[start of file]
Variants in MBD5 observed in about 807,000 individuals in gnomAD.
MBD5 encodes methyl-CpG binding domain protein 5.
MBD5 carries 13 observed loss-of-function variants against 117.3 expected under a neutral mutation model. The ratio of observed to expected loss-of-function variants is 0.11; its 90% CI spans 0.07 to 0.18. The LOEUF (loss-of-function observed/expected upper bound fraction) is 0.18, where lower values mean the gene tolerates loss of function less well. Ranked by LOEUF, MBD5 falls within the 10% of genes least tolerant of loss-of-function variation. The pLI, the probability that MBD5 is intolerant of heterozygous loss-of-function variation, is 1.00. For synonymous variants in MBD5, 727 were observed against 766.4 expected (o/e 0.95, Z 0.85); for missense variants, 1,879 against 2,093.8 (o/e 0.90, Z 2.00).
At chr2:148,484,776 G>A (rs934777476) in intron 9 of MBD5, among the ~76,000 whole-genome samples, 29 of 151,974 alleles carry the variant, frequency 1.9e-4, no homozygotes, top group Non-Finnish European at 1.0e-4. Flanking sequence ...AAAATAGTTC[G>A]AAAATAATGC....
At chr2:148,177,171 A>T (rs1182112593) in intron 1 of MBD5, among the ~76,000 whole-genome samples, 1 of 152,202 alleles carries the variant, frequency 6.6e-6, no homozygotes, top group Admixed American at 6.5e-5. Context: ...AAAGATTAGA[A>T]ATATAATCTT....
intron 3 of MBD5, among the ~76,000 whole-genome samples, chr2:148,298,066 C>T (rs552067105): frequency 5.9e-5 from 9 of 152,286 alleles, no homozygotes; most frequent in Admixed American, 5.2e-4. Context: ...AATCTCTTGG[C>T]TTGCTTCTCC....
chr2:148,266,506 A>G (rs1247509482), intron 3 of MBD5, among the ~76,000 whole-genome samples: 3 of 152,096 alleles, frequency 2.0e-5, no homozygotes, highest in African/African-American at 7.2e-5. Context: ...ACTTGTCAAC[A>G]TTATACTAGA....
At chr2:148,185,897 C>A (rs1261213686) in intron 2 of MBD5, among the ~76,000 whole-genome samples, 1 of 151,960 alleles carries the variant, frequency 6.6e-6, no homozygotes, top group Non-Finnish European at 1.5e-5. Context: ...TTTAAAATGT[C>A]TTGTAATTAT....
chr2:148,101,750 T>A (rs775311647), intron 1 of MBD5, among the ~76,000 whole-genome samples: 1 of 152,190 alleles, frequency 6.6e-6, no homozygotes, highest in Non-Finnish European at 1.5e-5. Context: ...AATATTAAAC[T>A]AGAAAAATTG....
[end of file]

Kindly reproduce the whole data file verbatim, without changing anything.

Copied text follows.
Variants in MBD5 observed in about 807,000 individuals in gnomAD.
MBD5 encodes methyl-CpG binding domain protein 5.
MBD5 carries 13 observed loss-of-function variants against 117.3 expected under a neutral mutation model. The ratio of observed to expected loss-of-function variants is 0.11; its 90% CI spans 0.07 to 0.18. The LOEUF (loss-of-function observed/expected upper bound fraction) is 0.18, where lower values mean the gene tolerates loss of function less well. Ranked by LOEUF, MBD5 falls within the 10% of genes least tolerant of loss-of-function variation. The pLI, the probability that MBD5 is intolerant of heterozygous loss-of-function variation, is 1.00. For synonymous variants in MBD5, 727 were observed against 766.4 expected (o/e 0.95, Z 0.85); for missense variants, 1,879 against 2,093.8 (o/e 0.90, Z 2.00).
At chr2:148,484,776 G>A (rs934777476) in intron 9 of MBD5, among the ~76,000 whole-genome samples, 29 of 151,974 alleles carry the variant, frequency 1.9e-4, no homozygotes, top group Non-Finnish European at 1.0e-4. Flanking sequence ...AAAATAGTTC[G>A]AAAATAATGC....
At chr2:148,177,171 A>T (rs1182112593) in intron 1 of MBD5, among the ~76,000 whole-genome samples, 1 of 152,202 alleles carries the variant, frequency 6.6e-6, no homozygotes, top group Admixed American at 6.5e-5. Context: ...AAAGATTAGA[A>T]ATATAATCTT....
intron 3 of MBD5, among the ~76,000 whole-genome samples, chr2:148,298,066 C>T (rs552067105): frequency 5.9e-5 from 9 of 152,286 alleles, no homozygotes; most frequent in Admixed American, 5.2e-4. Context: ...AATCTCTTGG[C>T]TTGCTTCTCC....
chr2:148,266,506 A>G (rs1247509482), intron 3 of MBD5, among the ~76,000 whole-genome samples: 3 of 152,096 alleles, frequency 2.0e-5, no homozygotes, highest in African/African-American at 7.2e-5. Context: ...ACTTGTCAAC[A>G]TTATACTAGA....
At chr2:148,185,897 C>A (rs1261213686) in intron 2 of MBD5, among the ~76,000 whole-genome samples, 1 of 151,960 alleles carries the variant, frequency 6.6e-6, no homozygotes, top group Non-Finnish European at 1.5e-5. Context: ...TTTAAAATGT[C>A]TTGTAATTAT....
chr2:148,101,750 T>A (rs775311647), intron 1 of MBD5, among the ~76,000 whole-genome samples: 1 of 152,190 alleles, frequency 6.6e-6, no homozygotes, highest in Non-Finnish European at 1.5e-5. Context: ...AATATTAAAC[T>A]AGAAAAATTG....